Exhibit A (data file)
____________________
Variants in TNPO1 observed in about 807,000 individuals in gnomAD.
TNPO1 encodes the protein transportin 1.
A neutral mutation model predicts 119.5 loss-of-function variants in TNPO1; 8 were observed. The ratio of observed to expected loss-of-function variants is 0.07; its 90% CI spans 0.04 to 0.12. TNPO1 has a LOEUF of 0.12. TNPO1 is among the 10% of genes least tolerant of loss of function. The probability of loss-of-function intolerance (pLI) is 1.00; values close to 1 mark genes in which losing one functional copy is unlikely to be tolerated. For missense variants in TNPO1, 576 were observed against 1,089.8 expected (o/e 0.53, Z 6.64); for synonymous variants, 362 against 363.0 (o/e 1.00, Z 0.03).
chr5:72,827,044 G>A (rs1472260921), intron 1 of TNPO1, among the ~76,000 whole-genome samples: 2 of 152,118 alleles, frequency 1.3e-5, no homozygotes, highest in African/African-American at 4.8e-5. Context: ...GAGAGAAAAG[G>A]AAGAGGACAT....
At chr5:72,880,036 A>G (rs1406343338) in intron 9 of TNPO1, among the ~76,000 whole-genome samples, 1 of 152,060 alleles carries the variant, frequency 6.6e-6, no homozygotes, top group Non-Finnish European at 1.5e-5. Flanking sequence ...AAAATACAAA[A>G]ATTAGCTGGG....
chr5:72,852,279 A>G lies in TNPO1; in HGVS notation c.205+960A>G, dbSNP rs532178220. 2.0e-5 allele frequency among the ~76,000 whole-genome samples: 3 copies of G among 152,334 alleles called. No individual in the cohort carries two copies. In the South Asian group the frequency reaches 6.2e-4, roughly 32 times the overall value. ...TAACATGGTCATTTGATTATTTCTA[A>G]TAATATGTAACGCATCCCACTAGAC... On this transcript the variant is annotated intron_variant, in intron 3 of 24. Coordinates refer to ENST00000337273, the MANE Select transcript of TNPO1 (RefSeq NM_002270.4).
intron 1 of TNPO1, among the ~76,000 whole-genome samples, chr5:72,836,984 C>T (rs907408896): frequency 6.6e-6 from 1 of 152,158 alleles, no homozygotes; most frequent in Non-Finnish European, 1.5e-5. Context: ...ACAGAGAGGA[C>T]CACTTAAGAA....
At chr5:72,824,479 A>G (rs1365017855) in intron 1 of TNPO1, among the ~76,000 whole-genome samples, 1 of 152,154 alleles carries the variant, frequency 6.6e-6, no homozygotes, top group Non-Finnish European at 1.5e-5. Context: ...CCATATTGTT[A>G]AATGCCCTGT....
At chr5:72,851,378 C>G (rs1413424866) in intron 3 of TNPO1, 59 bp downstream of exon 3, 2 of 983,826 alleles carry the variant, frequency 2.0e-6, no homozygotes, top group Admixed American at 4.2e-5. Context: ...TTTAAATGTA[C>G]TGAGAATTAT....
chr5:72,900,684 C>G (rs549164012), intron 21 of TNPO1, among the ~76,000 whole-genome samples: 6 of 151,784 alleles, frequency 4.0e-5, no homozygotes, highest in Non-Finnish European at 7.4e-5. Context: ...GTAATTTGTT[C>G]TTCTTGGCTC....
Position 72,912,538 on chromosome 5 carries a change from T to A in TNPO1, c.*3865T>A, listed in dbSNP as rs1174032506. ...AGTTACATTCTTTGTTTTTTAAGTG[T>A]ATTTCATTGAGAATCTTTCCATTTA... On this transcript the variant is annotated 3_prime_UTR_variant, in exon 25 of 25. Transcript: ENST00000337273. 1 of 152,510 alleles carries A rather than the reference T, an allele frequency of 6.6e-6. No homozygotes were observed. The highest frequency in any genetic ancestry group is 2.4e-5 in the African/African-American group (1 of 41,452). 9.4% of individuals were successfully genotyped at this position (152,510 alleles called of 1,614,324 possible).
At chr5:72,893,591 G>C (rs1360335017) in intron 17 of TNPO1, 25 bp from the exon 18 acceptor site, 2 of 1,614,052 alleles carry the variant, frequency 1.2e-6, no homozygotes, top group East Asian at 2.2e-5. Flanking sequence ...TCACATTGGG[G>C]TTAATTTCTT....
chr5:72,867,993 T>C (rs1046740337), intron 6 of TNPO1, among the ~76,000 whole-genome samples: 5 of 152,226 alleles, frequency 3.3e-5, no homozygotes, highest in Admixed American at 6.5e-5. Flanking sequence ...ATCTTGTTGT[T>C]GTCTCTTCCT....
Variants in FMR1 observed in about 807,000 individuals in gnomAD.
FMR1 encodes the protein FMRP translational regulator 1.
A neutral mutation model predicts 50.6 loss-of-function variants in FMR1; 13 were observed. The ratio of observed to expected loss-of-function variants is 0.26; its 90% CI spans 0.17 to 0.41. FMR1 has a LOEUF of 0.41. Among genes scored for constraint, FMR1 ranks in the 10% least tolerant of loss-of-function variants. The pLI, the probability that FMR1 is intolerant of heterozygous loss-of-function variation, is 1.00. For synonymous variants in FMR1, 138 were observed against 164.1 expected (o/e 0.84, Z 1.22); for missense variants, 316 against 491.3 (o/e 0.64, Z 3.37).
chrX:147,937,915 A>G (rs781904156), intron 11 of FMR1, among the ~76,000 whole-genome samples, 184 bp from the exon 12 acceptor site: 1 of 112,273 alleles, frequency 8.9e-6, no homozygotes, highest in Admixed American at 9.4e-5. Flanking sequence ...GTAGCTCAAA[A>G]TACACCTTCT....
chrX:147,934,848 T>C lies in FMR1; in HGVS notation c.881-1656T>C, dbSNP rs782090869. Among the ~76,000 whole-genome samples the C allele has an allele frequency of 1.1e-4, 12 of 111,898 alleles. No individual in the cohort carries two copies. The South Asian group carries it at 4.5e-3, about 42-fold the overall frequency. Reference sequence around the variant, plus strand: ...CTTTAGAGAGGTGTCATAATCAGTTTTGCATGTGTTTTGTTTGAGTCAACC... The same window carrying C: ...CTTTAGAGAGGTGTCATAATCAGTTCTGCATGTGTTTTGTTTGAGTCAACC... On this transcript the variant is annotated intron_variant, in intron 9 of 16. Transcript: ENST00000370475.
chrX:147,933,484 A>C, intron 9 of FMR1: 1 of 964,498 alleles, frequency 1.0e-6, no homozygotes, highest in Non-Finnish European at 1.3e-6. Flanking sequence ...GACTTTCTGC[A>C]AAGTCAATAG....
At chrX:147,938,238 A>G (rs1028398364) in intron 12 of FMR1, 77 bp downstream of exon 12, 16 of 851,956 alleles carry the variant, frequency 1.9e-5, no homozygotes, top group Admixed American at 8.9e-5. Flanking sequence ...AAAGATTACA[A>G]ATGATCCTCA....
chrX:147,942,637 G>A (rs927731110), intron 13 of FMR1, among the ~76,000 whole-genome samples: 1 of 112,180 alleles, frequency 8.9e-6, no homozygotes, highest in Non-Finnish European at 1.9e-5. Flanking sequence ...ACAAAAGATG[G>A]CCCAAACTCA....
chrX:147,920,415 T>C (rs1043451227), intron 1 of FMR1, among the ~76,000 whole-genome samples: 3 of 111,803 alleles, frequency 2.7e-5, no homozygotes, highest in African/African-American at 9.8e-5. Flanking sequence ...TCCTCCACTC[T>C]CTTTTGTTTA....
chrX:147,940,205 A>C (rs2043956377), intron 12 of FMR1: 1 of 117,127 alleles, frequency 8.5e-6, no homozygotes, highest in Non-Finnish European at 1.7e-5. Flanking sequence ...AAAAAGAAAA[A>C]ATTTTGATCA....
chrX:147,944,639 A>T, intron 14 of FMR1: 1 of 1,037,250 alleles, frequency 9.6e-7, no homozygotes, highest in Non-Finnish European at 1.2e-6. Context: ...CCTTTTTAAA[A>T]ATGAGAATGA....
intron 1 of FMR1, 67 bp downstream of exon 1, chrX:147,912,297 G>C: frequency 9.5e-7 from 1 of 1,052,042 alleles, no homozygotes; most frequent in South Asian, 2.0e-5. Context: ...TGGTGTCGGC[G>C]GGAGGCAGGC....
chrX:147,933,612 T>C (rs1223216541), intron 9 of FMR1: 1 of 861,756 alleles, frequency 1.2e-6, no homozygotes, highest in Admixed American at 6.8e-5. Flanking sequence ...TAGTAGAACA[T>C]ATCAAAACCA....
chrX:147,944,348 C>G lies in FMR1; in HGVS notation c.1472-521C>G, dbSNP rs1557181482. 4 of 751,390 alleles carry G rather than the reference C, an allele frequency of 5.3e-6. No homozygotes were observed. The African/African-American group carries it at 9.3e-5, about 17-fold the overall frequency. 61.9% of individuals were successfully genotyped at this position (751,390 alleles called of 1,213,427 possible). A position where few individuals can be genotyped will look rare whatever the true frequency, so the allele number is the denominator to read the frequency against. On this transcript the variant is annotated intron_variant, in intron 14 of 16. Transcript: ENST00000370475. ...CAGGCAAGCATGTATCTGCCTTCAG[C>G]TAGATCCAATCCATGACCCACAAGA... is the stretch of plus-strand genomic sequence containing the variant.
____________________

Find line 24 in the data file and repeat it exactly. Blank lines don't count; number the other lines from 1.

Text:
chrX:147,944,639 A>T, intron 14 of FMR1: 1 of 1,037,250 alleles, frequency 9.6e-7, no homozygotes, highest in Non-Finnish European at 1.2e-6. Context: ...CCTTTTTAAA[A>T]ATGAGAATGA....